Avoiding financial pitfalls for global retail growth

In today’s hyper-connected landscape, brands must dream big. From new products to immersive brand experiences, brands constantly innovate to stay ahead and meet evolving consumer demands. Specific to the retail industry in Asia-Pacific (APAC), businesses have been expanding their reach by venturing overseas, with over half of retailers in the region reporting improved performance due to international expansions, according to the APAC Adyen 2023 Retail Report.

However, amidst this drive for expansion and innovation, a sustainable growth strategy relies on a thorough understanding of the company’s finances to make the right decisions, mitigate risks, and ensure long-term viability. As companies expand globally, managing finances across multiple entities becomes increasingly complex, with each entity having its own financial statements and reporting requirements.

With numerous vendors and different payment platforms to account for, reconciling the sheer volume of transactions, especially those involving various currencies and tax regulations, can be challenging if existing systems are not equipped to handle the increased complexity. The risk of inaccurate or incomplete financial data increases, paving the way for misguided business decisions if not addressed promptly.

Keeping up with the scale and complexity of transactions 

A recent BlackLine survey found a startling reality: 99% of business and finance leaders, such as CFOs within the retail, catering, and leisure sectors, harbour doubts about the reliability of their financial data. This pervasive lack of trust stems from reasons such as the multitude of data sources, concerns regarding human error, and the perceived complexity associated with gathering and processing financial information.

In the realm of retail, accounting teams encounter distinctive hurdles unique to their industry. For instance, the lack of timely data from point-of-sale or order-management systems can lead to underpayment from providers, causing delays in order processing and fulfilment. The ability to swiftly reconcile transactions, balance accounts, and convert online payments into cash receipts is paramount for an accurate evaluation of the organisation’s financial well-being. However, for finance teams accustomed to relying on spreadsheets for closing their books, the escalating transaction volumes and complexity may render their once dependable system increasingly cumbersome and error-prone.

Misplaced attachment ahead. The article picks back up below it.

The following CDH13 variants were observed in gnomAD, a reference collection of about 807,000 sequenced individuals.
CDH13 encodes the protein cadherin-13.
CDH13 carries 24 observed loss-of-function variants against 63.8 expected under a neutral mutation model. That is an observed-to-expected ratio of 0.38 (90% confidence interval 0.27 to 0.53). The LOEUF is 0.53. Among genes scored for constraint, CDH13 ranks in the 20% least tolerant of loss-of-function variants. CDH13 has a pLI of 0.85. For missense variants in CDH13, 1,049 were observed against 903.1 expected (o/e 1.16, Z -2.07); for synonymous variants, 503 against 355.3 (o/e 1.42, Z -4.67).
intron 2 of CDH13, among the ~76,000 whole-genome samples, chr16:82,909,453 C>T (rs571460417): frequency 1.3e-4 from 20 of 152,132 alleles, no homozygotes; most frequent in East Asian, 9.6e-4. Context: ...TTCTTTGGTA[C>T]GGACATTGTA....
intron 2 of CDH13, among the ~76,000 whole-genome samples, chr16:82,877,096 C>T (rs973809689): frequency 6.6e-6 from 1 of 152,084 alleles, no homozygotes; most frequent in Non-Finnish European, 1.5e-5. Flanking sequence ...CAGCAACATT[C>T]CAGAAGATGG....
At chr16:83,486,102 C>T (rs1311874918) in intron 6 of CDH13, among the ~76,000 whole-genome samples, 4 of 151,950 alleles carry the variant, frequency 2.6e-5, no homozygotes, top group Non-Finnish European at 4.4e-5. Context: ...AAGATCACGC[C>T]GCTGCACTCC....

Manual processes becoming a bottleneck to planning and operations

Retailers are no strangers to enterprise management technology. They have long relied on software such as enterprise resource planning (ERP) systems to manage core processes across the business. However, many finance and accounting (F&A) teams in Asia still perform the most manual, time-consuming work outside of the ERP – on spreadsheets. ERP systems often lack specialised financial management and automation capabilities necessary for comprehensive F&A tasks. Consequently, spreadsheets have become a convenient solution for recording transactions, performing calculations, and analyses.

As businesses and governmental requirements evolve, data flows on spreadsheets have to be updated manually to match the different currency, regulations, and processes of business units and markets. This process is not only labour-intensive but also prone to human error and inconsistencies, necessitating significant time investments in data cleaning and verification. In addition, the limited real-time visibility into financial data hinders prompt responses to market shifts and customer demands.

By relying heavily on manual processes, F&A teams are prevented from assuming a more strategic role that could drive value for the business, such as helping merchandise planners optimise forecasts and inventory levels. Simply put, this is not sustainable.

Scaling the finance function for success

Achieving sustainable growth hinges on the ability to seize opportunities, optimise supply chains, and expand into new markets while effectively mitigating financial risks. To ensure success, brands must navigate potential financial pitfalls that could hinder long-term profitability.

Empowering the finance function to embrace technology, such as automation, will be crucial to establish a resilient financial management system that can evolve alongside the business. For instance, a large retail company in Singapore revamped their global finance services by leveraging automation to streamline their financial close process. This not only led to efficiency and productivity gains, but more importantly, cultivated a culture where team members are empowered to enhance their skills and drive continuous improvements.

The successful adoption of system improvements relies on business leaders prioritising clear and timely communication. Firms with a strong vision and effective change management are more likely to transition successfully. Therefore, it’s imperative to persuade staff to change hard-wired routines and remain engaged throughout the transition.

In the pursuit of growth, businesses must recognise that solid financial management forms the foundation of sustainable success. Creativity and innovation are essential, but sound financial management will go a long way in sustaining the brand’s growth. By employing technology and automation, empowering finance teams to embrace these tools, and fostering a culture of continuous improvement, brands can not only mitigate financial risks but also uncover new paths for growth and value creation.